In this month’s cover photo a buzzard flies past the flare stack at the Wessel et Al 2-6A oil well in Hillsdale, Michigan (PN#58992). Buzzards seem to love to congregate around oil wells as they await their next meal’s demise. A buzzard circling a Michigan oil well is a fitting analogy for the June 2016 edition of RMP’s MOGM as we have seen few vital signs in Michigan’s oil economy so far this year. RMP wrote throughout the year in 2015 how it turned out to be the slowest year in Michigan’s history for oil & gas well permitting. RMP also wrote in 2014 that the forecast of activity in the coming years for oil production in Michigan was bleak; and that’s when prices were over $100/bbl. As it turns out, the numbers continue to support the forecasts made by our tiny little unfunded non-profit 501(c)3 organization month after month. The first six months of 2016 are currently & approximately five times slower than the first six months of 2015. Along with the dearth of activity, two of the top five operators in our Michigan Basin filed for bankruptcy in May.
The future of the Hydrogen Economy and Fuel Cell Electric Vehicles, on the other hand, is clean & bright. By changing the powertrains in our vehicles, Michigan can create jobs for Michigan workers in a new clean energy economy full of hope & promise. Many jobs in the Hydrogen Economy will need the same skills possessed by workers in Michigan’s oil fields. The future of oil in Michigan is rife with buzzards and a legacy of contaminated ground water. Want to support oil field workers in Michigan? You should join RMP to help support Fuel Cell Electric Vehicle adoption. It’s our best bet for jobs & energy independence. We can turn waste into clean energy & be 100% energy independent. We will need pipefitters, electricians, valve makers, steel workers, construction workers, scientists, engineers, and dozens more.
Help support RMP’s vision of getting Michigan caught up to the rest of the world with regard to smart energy solutions. Oil has helped America meet its energy needs for decades and will continue to be an important part of our economy for years to come. But, oil is now technologically obsolete and also the #1 financial resource for terrorist groups like ISIS. Responsibly migrating away from crude oil for energy is a smart decision for oil workers, our national security, and future generation’s prosperity.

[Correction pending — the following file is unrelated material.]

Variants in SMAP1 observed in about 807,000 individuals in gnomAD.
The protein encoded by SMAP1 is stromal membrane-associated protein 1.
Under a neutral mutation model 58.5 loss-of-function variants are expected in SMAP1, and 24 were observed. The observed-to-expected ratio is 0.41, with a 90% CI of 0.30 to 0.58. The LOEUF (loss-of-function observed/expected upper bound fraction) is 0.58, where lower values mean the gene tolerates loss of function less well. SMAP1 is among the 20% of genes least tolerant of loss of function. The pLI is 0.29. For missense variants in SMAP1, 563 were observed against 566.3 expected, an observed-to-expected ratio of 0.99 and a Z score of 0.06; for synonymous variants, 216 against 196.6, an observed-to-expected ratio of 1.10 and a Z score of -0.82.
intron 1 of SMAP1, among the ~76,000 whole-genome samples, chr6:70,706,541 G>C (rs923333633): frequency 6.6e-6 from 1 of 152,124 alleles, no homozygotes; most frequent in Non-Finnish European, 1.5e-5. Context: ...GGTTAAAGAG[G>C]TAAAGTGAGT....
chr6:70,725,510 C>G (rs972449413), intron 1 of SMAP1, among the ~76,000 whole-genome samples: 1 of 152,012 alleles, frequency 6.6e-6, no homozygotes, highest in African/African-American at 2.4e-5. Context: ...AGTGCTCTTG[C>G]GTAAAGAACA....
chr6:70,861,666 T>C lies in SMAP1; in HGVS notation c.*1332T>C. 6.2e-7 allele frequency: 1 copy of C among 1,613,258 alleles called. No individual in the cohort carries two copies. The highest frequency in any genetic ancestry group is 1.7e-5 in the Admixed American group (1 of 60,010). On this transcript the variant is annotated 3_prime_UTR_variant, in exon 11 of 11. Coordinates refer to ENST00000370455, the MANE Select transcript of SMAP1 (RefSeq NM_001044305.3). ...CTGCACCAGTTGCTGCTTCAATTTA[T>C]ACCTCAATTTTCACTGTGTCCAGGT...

A month has passed since the bankruptcies of Linn & Breitburn were announced. This is really the only story going on in the Michigan Basin and there aren’t many updates in the past month. RMP, like everyone else, will have to wait to watch these stories unfold. This is, however, a good time to reflect on the global economics & finance of energy and how it relates back to our Michigan Basin. RMP blogs about energy related to Michigan oil & gas but RMP is always focused on the bigger global picture of energy because everything is connected in our global economy. Understanding the finance & economics of global energy is just as important as understanding the nuts & bolts of British Thermal Units, megawatts, gigawatts, and joules. While the physics and science of energy production are the fun stuff, the finances are a cruel reminder that there cannot be one without the other. RMP tries to distinguish itself from other environmental non-profits in Michigan by making the finance & economics of global energy markets easier to understand.